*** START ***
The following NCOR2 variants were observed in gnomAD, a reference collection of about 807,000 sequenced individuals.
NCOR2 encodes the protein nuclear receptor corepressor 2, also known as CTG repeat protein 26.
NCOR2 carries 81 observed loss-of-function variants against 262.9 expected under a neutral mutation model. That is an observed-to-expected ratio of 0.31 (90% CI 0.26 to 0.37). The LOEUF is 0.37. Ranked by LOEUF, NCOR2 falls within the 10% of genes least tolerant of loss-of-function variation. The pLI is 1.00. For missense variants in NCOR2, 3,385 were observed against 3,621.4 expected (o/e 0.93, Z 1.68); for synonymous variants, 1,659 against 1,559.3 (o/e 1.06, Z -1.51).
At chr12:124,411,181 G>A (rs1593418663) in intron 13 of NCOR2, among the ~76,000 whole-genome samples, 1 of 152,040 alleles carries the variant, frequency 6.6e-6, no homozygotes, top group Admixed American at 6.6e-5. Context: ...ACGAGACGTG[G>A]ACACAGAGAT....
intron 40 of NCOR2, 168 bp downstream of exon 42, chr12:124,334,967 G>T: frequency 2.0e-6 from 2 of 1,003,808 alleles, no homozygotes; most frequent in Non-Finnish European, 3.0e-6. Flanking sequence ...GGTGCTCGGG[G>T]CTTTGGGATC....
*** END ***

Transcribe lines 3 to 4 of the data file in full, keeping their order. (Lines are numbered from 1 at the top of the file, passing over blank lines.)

NCOR2 carries 81 observed loss-of-function variants against 262.9 expected under a neutral mutation model. That is an observed-to-expected ratio of 0.31 (90% CI 0.26 to 0.37). The LOEUF is 0.37. Ranked by LOEUF, NCOR2 falls within the 10% of genes least tolerant of loss-of-function variation. The pLI is 1.00. For missense variants in NCOR2, 3,385 were observed against 3,621.4 expected (o/e 0.93, Z 1.68); for synonymous variants, 1,659 against 1,559.3 (o/e 1.06, Z -1.51).
At chr12:124,411,181 G>A (rs1593418663) in intron 13 of NCOR2, among the ~76,000 whole-genome samples, 1 of 152,040 alleles carries the variant, frequency 6.6e-6, no homozygotes, top group Admixed American at 6.6e-5. Context: ...ACGAGACGTG[G>A]ACACAGAGAT....